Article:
Talk:Tell Me What You See

From Wikipedia, the free encyclopedia
Jump to navigation Jump to search
WikiProject The Beatles (Rated Start-class, Low-importance)
WikiProject iconThis Beatles-related article is within the scope of WikiProject The Beatles, which focuses on improving coverage of English rock band The Beatles and related topics on Wikipedia. Users who are willing to participate in the project should visit the project page, where they can join and see a list of open tasks.
Start-Class article Start  This article has been rated as Start-Class on the project's quality scale.
 Low  This article has been rated as Low-importance on the project's importance scale.
Taskforce icon
This article is within the scope of WikiProject Songs, an attempt to build a comprehensive and detailed guide to songs on Wikipedia.
 

I'm unable to edit the section I want but here's the gist of it...[edit]

I don't know why I can't edit the sentence I want to edit, but it states, "The chord before each stanza creates a unique sound accomplished by plucking the strings in the chord from the bottom string to the top, then straightforward, then repeated."

This is incorrect, musically speaking. In music, "high/low", "up/down", "top/bottom" refer to the pitch of notes (and strings, as these terms pertain to the guitar) and not to where to strings are located spacially. So, for example, the "top" strings are the thinner ones, located farthest away from the player's head (i.e., "down" spacially), and the "bottom" strings are the thickest ones. To play going "up" or "higher" on the guitar vertically (traversing strings), is to go from the lower pitched strings (the fatter ones which are "up" in space - closer to the sky) to the higher pitched strings (the skinny ones which are "down" spacially - closer to the ground).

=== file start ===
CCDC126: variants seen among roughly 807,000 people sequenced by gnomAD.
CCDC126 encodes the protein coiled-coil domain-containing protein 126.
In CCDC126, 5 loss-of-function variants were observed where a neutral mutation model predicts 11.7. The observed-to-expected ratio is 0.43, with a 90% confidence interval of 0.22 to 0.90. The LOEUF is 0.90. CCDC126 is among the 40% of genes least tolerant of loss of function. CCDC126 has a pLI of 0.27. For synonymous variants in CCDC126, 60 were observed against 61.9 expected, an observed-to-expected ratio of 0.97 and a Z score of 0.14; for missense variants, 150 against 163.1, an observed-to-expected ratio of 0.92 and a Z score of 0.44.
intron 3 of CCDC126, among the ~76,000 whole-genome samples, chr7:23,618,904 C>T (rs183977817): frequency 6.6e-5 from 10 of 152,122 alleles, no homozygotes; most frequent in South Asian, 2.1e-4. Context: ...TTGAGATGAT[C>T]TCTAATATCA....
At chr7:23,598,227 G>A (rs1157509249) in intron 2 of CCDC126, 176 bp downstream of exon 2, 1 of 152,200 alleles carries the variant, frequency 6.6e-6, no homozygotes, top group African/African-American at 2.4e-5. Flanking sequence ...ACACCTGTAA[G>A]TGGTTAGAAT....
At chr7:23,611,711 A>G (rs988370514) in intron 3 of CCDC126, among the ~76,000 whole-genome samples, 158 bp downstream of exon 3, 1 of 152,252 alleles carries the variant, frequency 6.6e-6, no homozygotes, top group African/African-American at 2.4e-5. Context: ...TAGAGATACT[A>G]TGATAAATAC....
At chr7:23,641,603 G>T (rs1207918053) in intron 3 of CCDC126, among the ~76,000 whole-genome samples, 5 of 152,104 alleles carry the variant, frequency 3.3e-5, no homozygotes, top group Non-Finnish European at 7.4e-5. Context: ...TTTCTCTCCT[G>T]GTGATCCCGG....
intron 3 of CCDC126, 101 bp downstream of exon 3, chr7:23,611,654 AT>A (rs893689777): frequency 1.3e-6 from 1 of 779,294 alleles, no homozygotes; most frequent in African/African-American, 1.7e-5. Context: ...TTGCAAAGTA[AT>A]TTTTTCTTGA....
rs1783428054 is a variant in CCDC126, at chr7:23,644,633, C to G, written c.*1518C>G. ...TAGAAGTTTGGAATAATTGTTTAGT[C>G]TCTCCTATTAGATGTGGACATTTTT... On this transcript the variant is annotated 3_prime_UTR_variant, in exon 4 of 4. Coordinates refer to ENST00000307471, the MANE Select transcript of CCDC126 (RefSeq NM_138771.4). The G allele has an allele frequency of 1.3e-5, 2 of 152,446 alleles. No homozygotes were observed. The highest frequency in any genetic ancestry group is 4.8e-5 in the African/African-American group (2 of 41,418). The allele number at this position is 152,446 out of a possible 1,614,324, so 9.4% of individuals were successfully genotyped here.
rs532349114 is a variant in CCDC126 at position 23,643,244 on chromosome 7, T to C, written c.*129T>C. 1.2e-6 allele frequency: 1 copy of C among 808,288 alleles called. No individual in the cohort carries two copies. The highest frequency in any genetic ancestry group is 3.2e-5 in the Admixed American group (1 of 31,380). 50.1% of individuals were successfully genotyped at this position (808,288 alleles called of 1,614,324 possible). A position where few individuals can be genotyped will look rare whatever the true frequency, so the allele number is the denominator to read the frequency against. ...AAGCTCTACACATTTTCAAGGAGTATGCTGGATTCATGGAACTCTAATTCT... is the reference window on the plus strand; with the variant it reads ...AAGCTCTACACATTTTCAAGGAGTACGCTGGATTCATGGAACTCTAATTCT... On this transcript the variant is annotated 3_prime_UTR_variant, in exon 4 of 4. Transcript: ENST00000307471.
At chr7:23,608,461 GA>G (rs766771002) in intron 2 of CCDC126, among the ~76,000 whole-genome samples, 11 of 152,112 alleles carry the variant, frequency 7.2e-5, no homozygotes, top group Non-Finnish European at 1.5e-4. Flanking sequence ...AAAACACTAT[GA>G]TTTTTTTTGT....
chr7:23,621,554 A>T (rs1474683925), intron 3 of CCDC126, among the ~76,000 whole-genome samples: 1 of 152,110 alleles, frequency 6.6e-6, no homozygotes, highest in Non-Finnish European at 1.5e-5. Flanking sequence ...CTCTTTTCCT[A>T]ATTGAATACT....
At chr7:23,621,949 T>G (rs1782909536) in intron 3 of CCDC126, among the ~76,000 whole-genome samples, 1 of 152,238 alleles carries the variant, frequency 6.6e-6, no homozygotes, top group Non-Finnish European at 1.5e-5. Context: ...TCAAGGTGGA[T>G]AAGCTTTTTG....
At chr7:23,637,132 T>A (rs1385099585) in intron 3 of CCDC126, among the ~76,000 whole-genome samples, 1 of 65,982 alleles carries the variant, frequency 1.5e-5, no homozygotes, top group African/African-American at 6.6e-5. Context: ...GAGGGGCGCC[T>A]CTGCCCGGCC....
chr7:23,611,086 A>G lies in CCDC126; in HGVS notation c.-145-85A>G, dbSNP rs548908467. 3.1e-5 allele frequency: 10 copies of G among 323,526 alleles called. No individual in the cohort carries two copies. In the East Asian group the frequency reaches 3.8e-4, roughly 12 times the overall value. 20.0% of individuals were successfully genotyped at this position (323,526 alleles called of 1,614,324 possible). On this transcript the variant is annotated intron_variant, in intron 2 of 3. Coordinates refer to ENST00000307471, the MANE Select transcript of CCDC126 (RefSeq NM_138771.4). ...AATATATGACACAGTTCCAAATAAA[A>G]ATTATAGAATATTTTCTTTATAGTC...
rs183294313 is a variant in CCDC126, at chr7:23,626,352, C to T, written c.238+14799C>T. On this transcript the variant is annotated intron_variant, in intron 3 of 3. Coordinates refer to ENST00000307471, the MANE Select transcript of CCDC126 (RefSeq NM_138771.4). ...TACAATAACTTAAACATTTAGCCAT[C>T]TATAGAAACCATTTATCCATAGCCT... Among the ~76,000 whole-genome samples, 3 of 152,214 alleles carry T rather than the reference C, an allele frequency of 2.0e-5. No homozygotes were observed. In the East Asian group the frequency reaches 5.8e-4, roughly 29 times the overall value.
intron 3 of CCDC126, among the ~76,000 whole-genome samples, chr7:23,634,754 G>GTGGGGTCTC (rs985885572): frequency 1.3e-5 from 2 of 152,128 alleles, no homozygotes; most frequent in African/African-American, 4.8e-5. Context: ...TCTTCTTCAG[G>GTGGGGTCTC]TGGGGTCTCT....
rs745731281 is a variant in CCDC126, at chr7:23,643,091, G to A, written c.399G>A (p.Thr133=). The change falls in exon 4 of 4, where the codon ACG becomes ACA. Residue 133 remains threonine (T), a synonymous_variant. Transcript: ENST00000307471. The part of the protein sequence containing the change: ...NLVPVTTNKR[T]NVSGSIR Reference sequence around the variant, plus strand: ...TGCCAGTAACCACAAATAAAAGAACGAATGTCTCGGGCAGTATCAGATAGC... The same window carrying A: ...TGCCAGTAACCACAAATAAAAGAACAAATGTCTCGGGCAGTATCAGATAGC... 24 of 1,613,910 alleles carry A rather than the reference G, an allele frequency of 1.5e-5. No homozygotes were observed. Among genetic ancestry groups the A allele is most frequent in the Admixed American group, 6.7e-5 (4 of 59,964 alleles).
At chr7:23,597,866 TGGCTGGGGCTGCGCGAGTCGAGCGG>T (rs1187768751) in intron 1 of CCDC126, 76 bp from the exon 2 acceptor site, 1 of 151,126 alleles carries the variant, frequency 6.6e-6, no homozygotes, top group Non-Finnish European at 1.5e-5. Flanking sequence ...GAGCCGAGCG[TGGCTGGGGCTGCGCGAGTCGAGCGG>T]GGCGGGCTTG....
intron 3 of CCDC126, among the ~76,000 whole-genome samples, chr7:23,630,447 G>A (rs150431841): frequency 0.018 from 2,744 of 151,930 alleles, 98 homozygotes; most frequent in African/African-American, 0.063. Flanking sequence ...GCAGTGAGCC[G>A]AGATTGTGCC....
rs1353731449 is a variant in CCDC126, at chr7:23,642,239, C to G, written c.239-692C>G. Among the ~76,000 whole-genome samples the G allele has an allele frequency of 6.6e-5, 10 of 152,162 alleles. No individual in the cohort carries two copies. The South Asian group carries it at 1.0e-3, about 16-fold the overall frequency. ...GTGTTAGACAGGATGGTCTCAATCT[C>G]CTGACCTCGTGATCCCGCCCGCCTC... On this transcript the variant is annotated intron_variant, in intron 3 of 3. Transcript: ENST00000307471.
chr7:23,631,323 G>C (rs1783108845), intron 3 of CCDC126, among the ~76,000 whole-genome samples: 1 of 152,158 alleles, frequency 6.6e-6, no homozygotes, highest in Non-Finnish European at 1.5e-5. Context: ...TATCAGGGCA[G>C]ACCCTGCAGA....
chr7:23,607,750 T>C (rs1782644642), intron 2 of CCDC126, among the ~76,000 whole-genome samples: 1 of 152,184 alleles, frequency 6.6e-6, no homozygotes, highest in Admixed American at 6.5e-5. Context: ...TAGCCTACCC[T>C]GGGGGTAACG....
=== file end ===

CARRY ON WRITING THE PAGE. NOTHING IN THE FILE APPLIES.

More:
A less ambiguous way to state the sentence in question would be to use the words "high" and "low" strings and change the sentence like so:

"The chord before each stanza creates a unique sound accomplished by plucking the strings in the chord from the highest string to the lowest, then straightforward, then repeated."


Nick Koutsoukis

Tell Me What You See Singer[edit]

Even though Tell Me What You See features Paul McCartney as the lead singer, my beatles book incorrectly credits John Lennon as lead singer, probably because although Paul McCartney was the primary composer, my book hints that John sang Tell Me What You See and in return Paul sang I've Just Seen a Face. I guess they made a mistake when publishing the book. C.Syde65 (talk) 23:27, 19 April 2014 (UTC)